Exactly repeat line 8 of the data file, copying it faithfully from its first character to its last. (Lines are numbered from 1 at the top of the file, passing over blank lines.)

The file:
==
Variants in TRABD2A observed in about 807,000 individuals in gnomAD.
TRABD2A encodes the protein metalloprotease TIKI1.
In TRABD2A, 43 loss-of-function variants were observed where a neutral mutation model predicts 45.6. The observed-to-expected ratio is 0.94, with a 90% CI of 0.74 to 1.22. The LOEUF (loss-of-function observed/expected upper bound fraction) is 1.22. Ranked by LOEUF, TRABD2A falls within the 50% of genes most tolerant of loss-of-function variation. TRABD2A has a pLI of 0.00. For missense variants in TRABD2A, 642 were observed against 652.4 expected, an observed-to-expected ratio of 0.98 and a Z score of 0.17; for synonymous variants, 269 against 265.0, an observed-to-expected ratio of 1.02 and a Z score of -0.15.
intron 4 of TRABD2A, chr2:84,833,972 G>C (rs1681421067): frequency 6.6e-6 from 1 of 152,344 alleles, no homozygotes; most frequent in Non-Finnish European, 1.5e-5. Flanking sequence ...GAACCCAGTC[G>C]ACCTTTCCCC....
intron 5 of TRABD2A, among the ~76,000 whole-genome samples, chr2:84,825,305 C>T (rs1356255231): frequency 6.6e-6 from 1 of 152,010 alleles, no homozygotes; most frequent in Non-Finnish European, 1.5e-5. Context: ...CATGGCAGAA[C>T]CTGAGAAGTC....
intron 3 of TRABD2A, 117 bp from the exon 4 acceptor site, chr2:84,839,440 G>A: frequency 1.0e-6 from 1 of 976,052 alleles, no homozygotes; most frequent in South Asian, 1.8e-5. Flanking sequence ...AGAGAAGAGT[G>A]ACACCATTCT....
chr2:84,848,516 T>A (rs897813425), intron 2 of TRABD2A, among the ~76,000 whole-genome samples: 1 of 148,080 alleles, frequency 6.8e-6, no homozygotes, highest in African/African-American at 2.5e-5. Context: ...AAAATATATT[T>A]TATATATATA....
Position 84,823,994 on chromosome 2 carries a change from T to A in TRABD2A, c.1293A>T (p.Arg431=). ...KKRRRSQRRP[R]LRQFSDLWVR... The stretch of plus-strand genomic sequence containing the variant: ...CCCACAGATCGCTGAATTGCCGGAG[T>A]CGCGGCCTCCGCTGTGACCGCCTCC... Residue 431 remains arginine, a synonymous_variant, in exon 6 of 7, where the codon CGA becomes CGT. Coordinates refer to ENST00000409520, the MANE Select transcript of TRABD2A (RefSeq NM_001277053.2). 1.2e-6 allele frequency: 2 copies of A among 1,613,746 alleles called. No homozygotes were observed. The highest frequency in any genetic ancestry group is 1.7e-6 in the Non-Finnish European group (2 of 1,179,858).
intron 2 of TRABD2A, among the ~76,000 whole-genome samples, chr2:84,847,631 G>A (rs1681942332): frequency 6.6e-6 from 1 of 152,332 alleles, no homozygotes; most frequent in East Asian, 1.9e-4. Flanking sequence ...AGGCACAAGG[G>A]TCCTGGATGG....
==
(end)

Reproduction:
Position 84,823,994 on chromosome 2 carries a change from T to A in TRABD2A, c.1293A>T (p.Arg431=). ...KKRRRSQRRP[R]LRQFSDLWVR... The stretch of plus-strand genomic sequence containing the variant: ...CCCACAGATCGCTGAATTGCCGGAG[T>A]CGCGGCCTCCGCTGTGACCGCCTCC... Residue 431 remains arginine, a synonymous_variant, in exon 6 of 7, where the codon CGA becomes CGT. Coordinates refer to ENST00000409520, the MANE Select transcript of TRABD2A (RefSeq NM_001277053.2). 1.2e-6 allele frequency: 2 copies of A among 1,613,746 alleles called. No homozygotes were observed. The highest frequency in any genetic ancestry group is 1.7e-6 in the Non-Finnish European group (2 of 1,179,858).